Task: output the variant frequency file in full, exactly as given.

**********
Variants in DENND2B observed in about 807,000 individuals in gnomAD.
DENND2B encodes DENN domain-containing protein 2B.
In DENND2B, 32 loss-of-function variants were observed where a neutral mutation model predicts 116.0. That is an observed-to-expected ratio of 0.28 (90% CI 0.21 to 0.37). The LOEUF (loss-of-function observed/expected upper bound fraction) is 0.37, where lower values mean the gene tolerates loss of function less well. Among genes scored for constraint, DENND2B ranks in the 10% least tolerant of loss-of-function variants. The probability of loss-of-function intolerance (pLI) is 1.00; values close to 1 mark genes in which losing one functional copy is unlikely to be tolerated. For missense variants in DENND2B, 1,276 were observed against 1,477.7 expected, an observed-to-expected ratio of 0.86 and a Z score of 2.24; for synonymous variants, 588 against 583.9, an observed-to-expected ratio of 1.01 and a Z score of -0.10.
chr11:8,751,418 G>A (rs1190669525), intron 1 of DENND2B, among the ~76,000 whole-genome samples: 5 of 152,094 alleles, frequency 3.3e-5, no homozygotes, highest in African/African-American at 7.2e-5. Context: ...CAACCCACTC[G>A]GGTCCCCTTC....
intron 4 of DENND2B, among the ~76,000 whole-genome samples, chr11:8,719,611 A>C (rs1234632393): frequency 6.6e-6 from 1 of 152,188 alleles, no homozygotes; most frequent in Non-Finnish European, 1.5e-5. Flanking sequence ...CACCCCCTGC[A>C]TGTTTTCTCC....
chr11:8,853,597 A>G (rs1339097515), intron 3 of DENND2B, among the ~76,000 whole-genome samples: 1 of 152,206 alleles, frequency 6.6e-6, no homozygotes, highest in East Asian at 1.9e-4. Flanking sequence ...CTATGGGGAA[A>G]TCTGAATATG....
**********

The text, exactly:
Variants in DENND2B observed in about 807,000 individuals in gnomAD.
DENND2B encodes DENN domain-containing protein 2B.
In DENND2B, 32 loss-of-function variants were observed where a neutral mutation model predicts 116.0. That is an observed-to-expected ratio of 0.28 (90% CI 0.21 to 0.37). The LOEUF (loss-of-function observed/expected upper bound fraction) is 0.37, where lower values mean the gene tolerates loss of function less well. Among genes scored for constraint, DENND2B ranks in the 10% least tolerant of loss-of-function variants. The probability of loss-of-function intolerance (pLI) is 1.00; values close to 1 mark genes in which losing one functional copy is unlikely to be tolerated. For missense variants in DENND2B, 1,276 were observed against 1,477.7 expected, an observed-to-expected ratio of 0.86 and a Z score of 2.24; for synonymous variants, 588 against 583.9, an observed-to-expected ratio of 1.01 and a Z score of -0.10.
chr11:8,751,418 G>A (rs1190669525), intron 1 of DENND2B, among the ~76,000 whole-genome samples: 5 of 152,094 alleles, frequency 3.3e-5, no homozygotes, highest in African/African-American at 7.2e-5. Context: ...CAACCCACTC[G>A]GGTCCCCTTC....
intron 4 of DENND2B, among the ~76,000 whole-genome samples, chr11:8,719,611 A>C (rs1234632393): frequency 6.6e-6 from 1 of 152,188 alleles, no homozygotes; most frequent in Non-Finnish European, 1.5e-5. Flanking sequence ...CACCCCCTGC[A>C]TGTTTTCTCC....
chr11:8,853,597 A>G (rs1339097515), intron 3 of DENND2B, among the ~76,000 whole-genome samples: 1 of 152,206 alleles, frequency 6.6e-6, no homozygotes, highest in East Asian at 1.9e-4. Flanking sequence ...CTATGGGGAA[A>G]TCTGAATATG....